When an invitation came in to visit Villa Sandi in the Veneto it was intriguing on two levels: the first was that since I last visited the estate in 2009, they have picked up an unbroken string of ‘3 bicchieri’ awards from Gambero Rosso, the highest accolade dished out by Italy’s most influential wine guide. The awards have been for their top Prosecco, a single-vineyard wine from the hill of Cartizze. The second point of interest was that I’d be travelling with renowned chef Theo Randall to look at matching the wines with regional cuisine, a prospect potentially too delectable to miss.
Villa Sandi is a substantial producer, best known for its Prosecco, but also producing traditional method sparkling wines and still table wines to the tune of four million bottles annually. The great bulk of this is Prosecco, but I would also taste their traditional method wines made from Chardonnay, Pinot Noir and Pinot Blanc (which have a minimum of 36 months secondary fermentation in bottle), and their still wines made from Pinot Grigio and Merlot.
Stefano Gava, Villa Sandi’s oenologist, led the tasting. He explained that their Prosecco falls into three basic bands: wines bottled as DOC Prosecco come from the flatter vineyards, not the hills between the towns of Conigliano and Valdobbiadene. Those hills form the second band: the superior DOCG of Conegliano-Valdobbiadene. Finally there are wines labelled Cartizze, from a specific area within the Conegliano-Valdobbiadene DOCG. Yields for DOCG wines are substantially lower than DOC.
Villa Sandi bottles its Prosecco to order – one aspect of the winemaking process that makes Villa Sandi different from many other producers. The must is held in tanks at zero degrees, and the secondary fermentation (in Prosecco this also happens in tank – the charmat method in French winemaking terminology), and bottlings are done in batches. The use of added sulphur is low – around half the legal limit – and alcohol is always around 11.5% abv.
That 3 Bicchieri winning wine is their single vineyard Prosecco from the top terroir of Cartizze. Cartizze is amongst the most expensive vineyard land in Italy, a renowned zone where 140 owners share only 216 acres. Villa Sandi is the largest single owner, and their vineyard known as La Rivetta (pictured left) sits in the middle of the Cartizze micro-zone.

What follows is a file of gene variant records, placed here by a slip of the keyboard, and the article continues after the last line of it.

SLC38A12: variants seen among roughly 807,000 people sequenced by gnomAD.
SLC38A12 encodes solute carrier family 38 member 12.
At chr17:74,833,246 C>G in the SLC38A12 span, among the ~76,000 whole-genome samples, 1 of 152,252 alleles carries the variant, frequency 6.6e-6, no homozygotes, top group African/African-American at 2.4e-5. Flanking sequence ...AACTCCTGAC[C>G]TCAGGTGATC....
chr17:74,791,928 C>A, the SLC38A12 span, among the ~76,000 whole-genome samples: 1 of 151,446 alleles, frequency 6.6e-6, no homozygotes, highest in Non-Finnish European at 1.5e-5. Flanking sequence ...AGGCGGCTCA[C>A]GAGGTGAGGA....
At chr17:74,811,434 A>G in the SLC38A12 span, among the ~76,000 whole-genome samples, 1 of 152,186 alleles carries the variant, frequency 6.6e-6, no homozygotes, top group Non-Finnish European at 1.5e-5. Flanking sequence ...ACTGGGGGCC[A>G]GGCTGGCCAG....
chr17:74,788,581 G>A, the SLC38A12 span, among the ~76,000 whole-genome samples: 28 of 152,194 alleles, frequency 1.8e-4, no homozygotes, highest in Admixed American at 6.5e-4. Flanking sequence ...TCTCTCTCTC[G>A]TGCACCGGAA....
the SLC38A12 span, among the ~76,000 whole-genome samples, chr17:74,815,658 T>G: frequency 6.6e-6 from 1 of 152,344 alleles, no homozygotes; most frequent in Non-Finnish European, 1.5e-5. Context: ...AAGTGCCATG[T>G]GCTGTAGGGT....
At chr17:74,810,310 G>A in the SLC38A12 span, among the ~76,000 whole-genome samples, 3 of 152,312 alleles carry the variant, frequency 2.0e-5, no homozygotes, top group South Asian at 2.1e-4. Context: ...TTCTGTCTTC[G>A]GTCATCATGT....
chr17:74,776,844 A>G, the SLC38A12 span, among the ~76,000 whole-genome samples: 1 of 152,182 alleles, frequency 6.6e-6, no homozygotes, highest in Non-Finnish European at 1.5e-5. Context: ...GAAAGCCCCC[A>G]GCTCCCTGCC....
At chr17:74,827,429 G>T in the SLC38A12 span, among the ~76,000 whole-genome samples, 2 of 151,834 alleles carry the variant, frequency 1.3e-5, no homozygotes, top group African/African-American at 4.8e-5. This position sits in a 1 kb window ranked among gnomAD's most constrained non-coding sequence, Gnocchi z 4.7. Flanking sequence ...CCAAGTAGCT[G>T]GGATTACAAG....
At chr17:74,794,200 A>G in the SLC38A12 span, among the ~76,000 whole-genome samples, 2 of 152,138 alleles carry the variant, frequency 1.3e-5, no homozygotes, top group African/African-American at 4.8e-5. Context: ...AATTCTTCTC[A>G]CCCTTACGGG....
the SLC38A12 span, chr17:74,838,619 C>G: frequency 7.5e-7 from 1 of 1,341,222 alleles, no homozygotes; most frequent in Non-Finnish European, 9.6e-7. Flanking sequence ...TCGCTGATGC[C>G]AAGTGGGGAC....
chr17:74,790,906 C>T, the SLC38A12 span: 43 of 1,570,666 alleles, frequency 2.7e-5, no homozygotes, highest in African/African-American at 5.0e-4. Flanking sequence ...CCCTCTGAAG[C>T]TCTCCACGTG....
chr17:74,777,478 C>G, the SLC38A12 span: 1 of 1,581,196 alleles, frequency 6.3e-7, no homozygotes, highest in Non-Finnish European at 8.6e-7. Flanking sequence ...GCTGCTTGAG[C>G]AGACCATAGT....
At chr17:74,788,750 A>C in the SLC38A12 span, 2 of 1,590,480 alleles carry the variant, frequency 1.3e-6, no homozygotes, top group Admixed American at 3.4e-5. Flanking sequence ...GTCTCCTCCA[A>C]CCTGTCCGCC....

Their range of traditional method sparkling wines, where secondary fermentation takes place in individual bottles, appears under the label ‘Opere’. Three century-old underground cellars stretch for over 1.5 kilometres beneath the villa, creating an ideal environment for wine aging with constant humidity and cool temperature. The top bottlings of Opere spend a minimum of five years in the cellars. Though the traditional method sparkling wines of the area have not previously had their own DOC appellation, a brand new classification of DOC Serenissima has just been created, presumably to help these wines compete more evenly against the growing reputation for the wines of Franciacorta just to the west. All of Villa Sandi’s Opere wine are Brut, with between 8 and 9.5g/l dosage.
The cellars also house the barrel rooms where Villa Sandi’s still wines are made, filled with oak barrels from top French coopers. All of the grapes come from the Treviso area, most from vineyards around the villa, with Merlot dominant though Cabernet Franc is grown too. The indigenous Raboso is also made as a still wine, though I did not taste it on this occasion.
Run by the charming Giancarlo Moretti Polegato, Villa Sandi is a prestigious player in the Prosecco production area. The magnificent Palladian Villa Sandi (right) and the underground cellars are open to the public for free guided tours, and they run the Locanda Sandi nearby, a lovely restaurant specialising in local foods with comfortable rooms. The Polegato family also own the Geox and Diadora footwear companies, so one presumes investment in the quality of Villa Sandi will be ongoing.